His reform agenda suffered a major setback with the emergence of the ‘Gilets Jaunes’ (Yellow Vests) protests, which have been going on since November 2018. The movement has made few coherent demands besides denouncing tough living conditions. The carbon tax driven by environmental concerns was the final straw that triggered the protests.
The European Parliament elections this year will be crucial for Macron, who has sought to make the election a de-facto referendum. By doing so, Macron has presented himself and his LREM party as the ‘‘good’’ reformist pro-EU force.
On the other hand, the ‘‘bad’’ nationalist RN (formally Front National) depicts itself as the sole defender of French identity. It draws most support from economically depressed and rural areas. In the 2014 EP elections, it won a simple majority within France. RN now positions itself vehemently against Macron, parading its traditional concerns of immigration, globalisation and economic deregulation.
All in all, France’s former dominant social cleavage seems to have been replaced in part by the identitarian cleavage, based e.g. on divergent urban and rural identities. RN tried (and failed) to incorporate the Yellow Vest protests into its political platform. The latter could undermine RN support if they were to field their own candidates as a proper party.
Despite LREM’s and Macron’s slide in the polls, they have been recovering slowly amidst economic concessions and the Yellow Vest protests’ running out of steam. Moreover, Macron’s launching of a ‘great national debate’ that included dozens of town hall meetings has had some success in defusing the movement and allowing citizens to ventilate their thoughts, ideas and frustrations.
Due to this, some recent polls actually suggest a tight victory with 23.5%-25% of the vote. This would translate in 23-25 MEP mandates, which are expected to go to the Alliance of Liberals and Democrats for Europe (ALDE), although this remains unclear.
Nonetheless, RN may repeat its 2014 EP success by finishing first, as projections suggest it has circa 21-21.5% support now in the polls. This would imply circa 21 seats for the Europe of Nations and Freedom (ENF).
Far behind, the weakened LR would obtain 11-13 seats for the European People’s Party (EPP), the Greens (EELV) 8 seats for the Greens–European Free Alliance (Greens/EFA), Mélenchon’s France Insoumise 7 seats (FI) for a new Eurosceptic left group.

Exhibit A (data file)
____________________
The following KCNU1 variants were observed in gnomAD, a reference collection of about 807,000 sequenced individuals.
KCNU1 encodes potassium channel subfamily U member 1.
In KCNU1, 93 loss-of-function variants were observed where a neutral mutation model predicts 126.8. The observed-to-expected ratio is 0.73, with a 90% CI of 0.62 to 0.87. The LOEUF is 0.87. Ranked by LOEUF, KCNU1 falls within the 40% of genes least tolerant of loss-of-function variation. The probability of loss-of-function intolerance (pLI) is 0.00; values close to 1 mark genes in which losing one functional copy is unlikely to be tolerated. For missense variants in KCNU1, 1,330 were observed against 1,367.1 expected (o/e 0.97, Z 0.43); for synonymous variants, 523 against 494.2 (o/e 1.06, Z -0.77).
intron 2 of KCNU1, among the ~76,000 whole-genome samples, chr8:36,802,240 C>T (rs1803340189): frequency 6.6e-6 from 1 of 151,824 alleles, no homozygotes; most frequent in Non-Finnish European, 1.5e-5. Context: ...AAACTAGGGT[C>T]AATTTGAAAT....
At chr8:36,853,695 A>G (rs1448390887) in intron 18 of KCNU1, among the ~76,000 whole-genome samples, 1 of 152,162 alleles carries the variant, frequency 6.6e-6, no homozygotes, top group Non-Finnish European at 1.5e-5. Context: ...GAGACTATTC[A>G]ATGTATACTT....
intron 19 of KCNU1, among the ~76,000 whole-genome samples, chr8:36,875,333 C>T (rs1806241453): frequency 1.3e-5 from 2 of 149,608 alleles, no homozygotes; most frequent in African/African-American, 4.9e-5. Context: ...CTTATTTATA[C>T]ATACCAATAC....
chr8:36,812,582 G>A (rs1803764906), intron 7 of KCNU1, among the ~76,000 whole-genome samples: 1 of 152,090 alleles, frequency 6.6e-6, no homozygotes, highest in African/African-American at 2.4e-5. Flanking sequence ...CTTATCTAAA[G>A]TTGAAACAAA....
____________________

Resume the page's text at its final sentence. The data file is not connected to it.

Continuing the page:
The socialist PS that polls just barely above the 5% threshold would see its diminished position confirmed with just 5-6 seats for the Progressive Alliance of Socialists and Democrats (S&D).
Another notable mention is the Eurosceptic right-wing Gaullist Debout la France, which could win 4-5 seats [if it makes the threshold] for the Alliance of Conservatives and Reformists in Europe (ACRE).
Likewise, a Yellow Vest political party could gain seats as well, although this becomes increasingly unlikely.
Altogether, these predictions confirm radical changes in France’s political scene, as the two strongest parties are outside the traditional political alternation, and more than a half of French MEPs are expected to be from either the fringes of the political spectrum or the newcomer LREM.
Pablo Ribera Payá is a PhD candidate in European Studies at Masaryk University and works in EU policy analysis and communication. He holds a double degree master in European Governance.
Robert Steenland works as an evaluation and research consultant in EU policies, as well as an analyst in EU politics. He holds a double degree master in European Governance.
Daniel Matthews-Ferrero is a Marie Curie PhD Student in the POLITICO programme at the University of Aberdeen, focusing on contemporary Western European populism. He holds a master degree in European Interdisciplinary Studies from the College of Europe.
Simona Brăileanu works in evaluation and research in EU policies and holds a master degree in International Relations.
More on France and European elections at EUelectionsFrance.com